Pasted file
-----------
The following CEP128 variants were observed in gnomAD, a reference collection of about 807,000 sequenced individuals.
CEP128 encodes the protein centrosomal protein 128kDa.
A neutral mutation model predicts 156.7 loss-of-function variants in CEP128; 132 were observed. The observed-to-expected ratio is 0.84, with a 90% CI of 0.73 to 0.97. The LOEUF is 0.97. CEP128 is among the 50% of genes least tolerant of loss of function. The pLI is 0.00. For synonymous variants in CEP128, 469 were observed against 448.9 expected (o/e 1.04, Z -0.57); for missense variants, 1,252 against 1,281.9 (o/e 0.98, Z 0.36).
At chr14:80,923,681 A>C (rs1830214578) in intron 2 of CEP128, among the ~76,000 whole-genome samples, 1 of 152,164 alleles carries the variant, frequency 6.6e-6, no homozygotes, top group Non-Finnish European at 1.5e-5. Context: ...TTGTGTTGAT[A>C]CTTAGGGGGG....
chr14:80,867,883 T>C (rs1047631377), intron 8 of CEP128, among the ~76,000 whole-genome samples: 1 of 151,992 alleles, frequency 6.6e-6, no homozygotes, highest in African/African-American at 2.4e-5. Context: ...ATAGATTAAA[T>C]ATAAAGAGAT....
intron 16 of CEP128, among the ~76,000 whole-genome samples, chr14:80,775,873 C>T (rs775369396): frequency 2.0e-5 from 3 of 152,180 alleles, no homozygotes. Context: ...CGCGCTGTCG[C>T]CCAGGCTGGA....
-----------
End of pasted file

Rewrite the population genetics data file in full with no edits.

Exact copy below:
The following CEP128 variants were observed in gnomAD, a reference collection of about 807,000 sequenced individuals.
CEP128 encodes the protein centrosomal protein 128kDa.
A neutral mutation model predicts 156.7 loss-of-function variants in CEP128; 132 were observed. The observed-to-expected ratio is 0.84, with a 90% CI of 0.73 to 0.97. The LOEUF is 0.97. CEP128 is among the 50% of genes least tolerant of loss of function. The pLI is 0.00. For synonymous variants in CEP128, 469 were observed against 448.9 expected (o/e 1.04, Z -0.57); for missense variants, 1,252 against 1,281.9 (o/e 0.98, Z 0.36).
At chr14:80,923,681 A>C (rs1830214578) in intron 2 of CEP128, among the ~76,000 whole-genome samples, 1 of 152,164 alleles carries the variant, frequency 6.6e-6, no homozygotes, top group Non-Finnish European at 1.5e-5. Context: ...TTGTGTTGAT[A>C]CTTAGGGGGG....
chr14:80,867,883 T>C (rs1047631377), intron 8 of CEP128, among the ~76,000 whole-genome samples: 1 of 151,992 alleles, frequency 6.6e-6, no homozygotes, highest in African/African-American at 2.4e-5. Context: ...ATAGATTAAA[T>C]ATAAAGAGAT....
intron 16 of CEP128, among the ~76,000 whole-genome samples, chr14:80,775,873 C>T (rs775369396): frequency 2.0e-5 from 3 of 152,180 alleles, no homozygotes. Context: ...CGCGCTGTCG[C>T]CCAGGCTGGA....